Commentary: Lincoln's Reflection on Luxury Sedans

Let’s talk about Lincoln, shall we?

There’s two train of thoughts when Ford’s luxury brand is up for discussion. One is that they are no longer relevant among luxury car brands. Now that they’re selling only SUVs in North America, why bother shopping for one? 

The other is driven by anger. Anger over the recent cancellations of the MKZ and Continental sedans for the saker of selling more SUVs. This anger is not a gut reaction, but rather a reflection of luxury vehicle sales. 

Not everyone cancelled all their sedans. Not Mercedes-Benz, BMW, Audi, Lexus, Genesis, Infiniti, Acura, Infiniti, Jaguar, nor Cadillac. 

Part of this retention of sedan sales is in consideration of other global markets where these brands are sold. China is one of those markets where sedans sell as well as SUVs. 

This is where Lincoln comes in. The brand unveiled their Zephyr Reflection Concept at Auto Shanghai recently. According to the press release, this concept “showcases expressive and vibrant exterior, serene and technology-forward interior for the China market.”

Let me get this straight…what Lincoln did was to introduce a sedan concept for the Chinese market without any consideration for its home one? 

It is worth reminding you that Lincoln started right here in the good ol’ USA some 103 years ago. Ford bought Henry M. Leland’s second automaker in 1922. Since then, they have pushed the notion of what a luxury car should be. Decades of Continentals, Mark series coupes, and Navigators have set this brand reaching for the starts – figuratively and literally. 

Lincoln was the car of Presidents, captains of industry, celebrities, and many others who aspired for greater things in life. It was the perfect rival to Cadillac (the other brand Leland founded before Lincoln).

Yet, all of the advances that appear on this sedan concept – including the Constellation human-machine interface for the interior – might not make it onto the current lineup or its future replacements. Though it is dangerous to assume anything, but it appears the attitude of the brand is to retain its rather bespoke interior language for its global products. However, one has to wonder whether Lincoln will introduce the ideas on this Chinese concept to the next generation SUVs. 

Perhaps I am still hung up on the fact that Lincoln had to cancel its sedans in its home market. Granted it was due to very slow sales. You can argue that if Lincoln kept on selling the MKZ and Continental that it would not be sustainable, especially when consumers are hung up on models, such as the Corsair, Aviator, Nautilus, and Navigator.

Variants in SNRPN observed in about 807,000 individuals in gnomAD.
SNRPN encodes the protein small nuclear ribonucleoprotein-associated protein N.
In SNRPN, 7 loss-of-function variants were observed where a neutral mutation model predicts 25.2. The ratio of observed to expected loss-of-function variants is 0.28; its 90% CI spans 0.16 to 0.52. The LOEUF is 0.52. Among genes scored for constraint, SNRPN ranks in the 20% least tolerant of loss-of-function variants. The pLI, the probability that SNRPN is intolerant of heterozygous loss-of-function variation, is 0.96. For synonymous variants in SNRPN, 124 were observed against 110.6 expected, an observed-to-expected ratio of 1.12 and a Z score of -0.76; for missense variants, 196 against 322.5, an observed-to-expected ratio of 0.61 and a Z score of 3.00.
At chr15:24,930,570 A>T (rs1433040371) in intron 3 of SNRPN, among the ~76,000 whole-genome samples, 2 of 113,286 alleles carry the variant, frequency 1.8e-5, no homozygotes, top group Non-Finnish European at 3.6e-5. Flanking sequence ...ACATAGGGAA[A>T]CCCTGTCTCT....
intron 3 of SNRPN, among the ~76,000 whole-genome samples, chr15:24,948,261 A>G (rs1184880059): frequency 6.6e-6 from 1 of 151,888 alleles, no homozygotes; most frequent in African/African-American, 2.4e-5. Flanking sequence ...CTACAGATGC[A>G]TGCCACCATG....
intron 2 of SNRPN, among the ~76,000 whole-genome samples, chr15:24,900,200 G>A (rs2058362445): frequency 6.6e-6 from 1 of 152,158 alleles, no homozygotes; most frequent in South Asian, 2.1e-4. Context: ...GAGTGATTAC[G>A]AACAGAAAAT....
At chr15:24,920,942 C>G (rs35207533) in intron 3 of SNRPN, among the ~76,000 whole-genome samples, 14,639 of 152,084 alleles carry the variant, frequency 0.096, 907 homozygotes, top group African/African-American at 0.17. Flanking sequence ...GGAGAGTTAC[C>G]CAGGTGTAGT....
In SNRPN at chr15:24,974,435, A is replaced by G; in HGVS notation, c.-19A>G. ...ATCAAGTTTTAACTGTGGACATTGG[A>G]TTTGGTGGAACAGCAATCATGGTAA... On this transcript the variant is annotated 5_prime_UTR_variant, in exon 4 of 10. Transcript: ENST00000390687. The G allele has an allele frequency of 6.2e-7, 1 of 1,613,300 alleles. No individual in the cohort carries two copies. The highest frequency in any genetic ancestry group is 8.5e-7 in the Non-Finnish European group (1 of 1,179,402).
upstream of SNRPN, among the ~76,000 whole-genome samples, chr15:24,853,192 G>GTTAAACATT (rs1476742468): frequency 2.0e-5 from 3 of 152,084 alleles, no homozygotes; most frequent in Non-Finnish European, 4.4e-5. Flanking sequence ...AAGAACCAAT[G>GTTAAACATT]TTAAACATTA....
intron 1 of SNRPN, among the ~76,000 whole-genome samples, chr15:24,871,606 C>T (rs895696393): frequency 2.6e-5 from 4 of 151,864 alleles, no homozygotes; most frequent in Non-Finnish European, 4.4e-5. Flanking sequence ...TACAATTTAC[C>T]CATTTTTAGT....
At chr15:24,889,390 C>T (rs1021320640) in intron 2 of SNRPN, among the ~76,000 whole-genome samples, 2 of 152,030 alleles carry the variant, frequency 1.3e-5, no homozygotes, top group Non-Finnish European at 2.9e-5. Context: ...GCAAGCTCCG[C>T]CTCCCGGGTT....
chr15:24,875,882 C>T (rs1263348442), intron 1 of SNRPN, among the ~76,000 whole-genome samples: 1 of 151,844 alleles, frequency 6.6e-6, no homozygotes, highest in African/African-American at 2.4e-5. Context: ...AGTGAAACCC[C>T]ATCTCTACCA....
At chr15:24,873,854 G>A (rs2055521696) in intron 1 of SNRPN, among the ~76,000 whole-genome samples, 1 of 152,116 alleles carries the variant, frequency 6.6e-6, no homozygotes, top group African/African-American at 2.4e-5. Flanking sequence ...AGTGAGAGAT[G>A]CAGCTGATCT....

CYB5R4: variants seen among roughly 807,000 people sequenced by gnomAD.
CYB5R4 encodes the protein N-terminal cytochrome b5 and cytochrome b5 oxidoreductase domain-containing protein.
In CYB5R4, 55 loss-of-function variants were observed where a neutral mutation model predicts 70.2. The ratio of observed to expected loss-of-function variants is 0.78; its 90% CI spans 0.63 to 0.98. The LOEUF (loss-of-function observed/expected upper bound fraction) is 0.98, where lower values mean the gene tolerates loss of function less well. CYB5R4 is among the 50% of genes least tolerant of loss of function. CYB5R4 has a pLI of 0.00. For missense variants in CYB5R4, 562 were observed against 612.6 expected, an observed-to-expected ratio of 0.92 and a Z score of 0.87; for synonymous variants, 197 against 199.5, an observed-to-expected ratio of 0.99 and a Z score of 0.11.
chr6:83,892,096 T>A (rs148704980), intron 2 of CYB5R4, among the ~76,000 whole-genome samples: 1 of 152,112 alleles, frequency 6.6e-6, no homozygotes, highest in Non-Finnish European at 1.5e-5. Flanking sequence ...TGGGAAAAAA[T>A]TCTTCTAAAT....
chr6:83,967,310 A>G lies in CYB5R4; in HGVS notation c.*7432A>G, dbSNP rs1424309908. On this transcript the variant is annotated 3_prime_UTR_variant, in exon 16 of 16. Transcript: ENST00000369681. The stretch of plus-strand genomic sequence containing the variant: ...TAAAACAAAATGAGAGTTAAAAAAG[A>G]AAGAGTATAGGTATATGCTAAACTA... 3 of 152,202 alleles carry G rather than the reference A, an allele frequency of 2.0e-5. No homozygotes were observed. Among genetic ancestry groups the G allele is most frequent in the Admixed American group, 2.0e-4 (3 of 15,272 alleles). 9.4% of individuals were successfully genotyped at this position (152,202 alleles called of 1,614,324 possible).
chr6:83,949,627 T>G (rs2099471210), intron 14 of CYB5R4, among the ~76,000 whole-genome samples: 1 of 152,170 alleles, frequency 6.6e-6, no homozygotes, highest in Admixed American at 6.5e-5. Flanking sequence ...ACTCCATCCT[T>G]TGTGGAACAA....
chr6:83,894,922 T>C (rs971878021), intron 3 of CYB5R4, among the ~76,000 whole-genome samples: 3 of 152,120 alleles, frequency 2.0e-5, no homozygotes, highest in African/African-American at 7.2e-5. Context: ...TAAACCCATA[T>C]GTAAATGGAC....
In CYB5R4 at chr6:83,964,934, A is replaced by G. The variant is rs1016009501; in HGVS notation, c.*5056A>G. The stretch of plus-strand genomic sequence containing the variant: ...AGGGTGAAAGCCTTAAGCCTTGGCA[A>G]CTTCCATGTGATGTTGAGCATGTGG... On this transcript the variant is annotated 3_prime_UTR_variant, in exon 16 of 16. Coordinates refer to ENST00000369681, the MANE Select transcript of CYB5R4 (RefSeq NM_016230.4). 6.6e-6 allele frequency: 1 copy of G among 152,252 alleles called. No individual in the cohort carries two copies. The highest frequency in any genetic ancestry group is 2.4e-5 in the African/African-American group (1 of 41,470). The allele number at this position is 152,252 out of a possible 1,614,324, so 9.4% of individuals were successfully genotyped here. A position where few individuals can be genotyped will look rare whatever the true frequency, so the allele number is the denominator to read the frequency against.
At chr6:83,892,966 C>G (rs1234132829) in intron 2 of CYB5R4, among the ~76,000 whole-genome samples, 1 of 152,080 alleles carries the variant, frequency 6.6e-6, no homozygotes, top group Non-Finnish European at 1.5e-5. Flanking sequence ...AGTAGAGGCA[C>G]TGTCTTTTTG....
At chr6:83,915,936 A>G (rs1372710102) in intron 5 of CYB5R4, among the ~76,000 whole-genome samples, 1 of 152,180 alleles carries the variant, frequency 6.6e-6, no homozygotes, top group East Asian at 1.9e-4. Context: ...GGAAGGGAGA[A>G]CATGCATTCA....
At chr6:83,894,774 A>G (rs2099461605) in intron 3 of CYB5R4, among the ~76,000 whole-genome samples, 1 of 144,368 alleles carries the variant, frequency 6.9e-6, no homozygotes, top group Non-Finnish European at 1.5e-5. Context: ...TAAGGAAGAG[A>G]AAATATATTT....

Considering that Cadillac is still selling sedans and are pushing their performance limits with the CT4 and CT5 V-Series Blackwing models, why not Lincoln? There are certainly ways to distinguish the Zephyr Reflection Concept from the rest. Maybe with one of the Ford Mustang Mach-E’s battery-electric drivelines? 

Speaking of Ford…if you want more insult to injury, Ford also unveiled their replacement for the Fusion and Mondeo in China. The EVOS looked like a cross between a Mustang Mach-E and some anonymous Chinese-branded vehicle. If you ask me, the Evos wouldn’t sell here…would it? 

Don’t get me wrong. I have nothing against China. While they clearly have different tastes in vehicles than Americans do, we have to be ready for possible market shifts that could bring sedans back into favor. Or, at least I hope that might happen.

China is primed to become the leading automotive market of this century. All indicators show this reality becoming true. Not just in consumer terms, but in vehicle development, design, and market positioning. You might say that China knows something we should know here in the States…

Could we convince Lincoln to add a sedan to the lineup in the form of the Zephyr Reflection Concept to its home market – the good ol’ USA? How about making the business case for it? That means examining the North American luxury car market and customer interest – which has been done millions of times over! It also means demonstrating the viability of sedans – especially in the luxury vehicle market – which has been millions of times over!

The question that needs to be asked right now is “what will convince you that a luxury sedan from Lincoln is worth buying?” The answer you give will help them consider this vehicle for sales where it all began – right here in the good ol’ USA!

All photos courtesy of the Ford Motor Company

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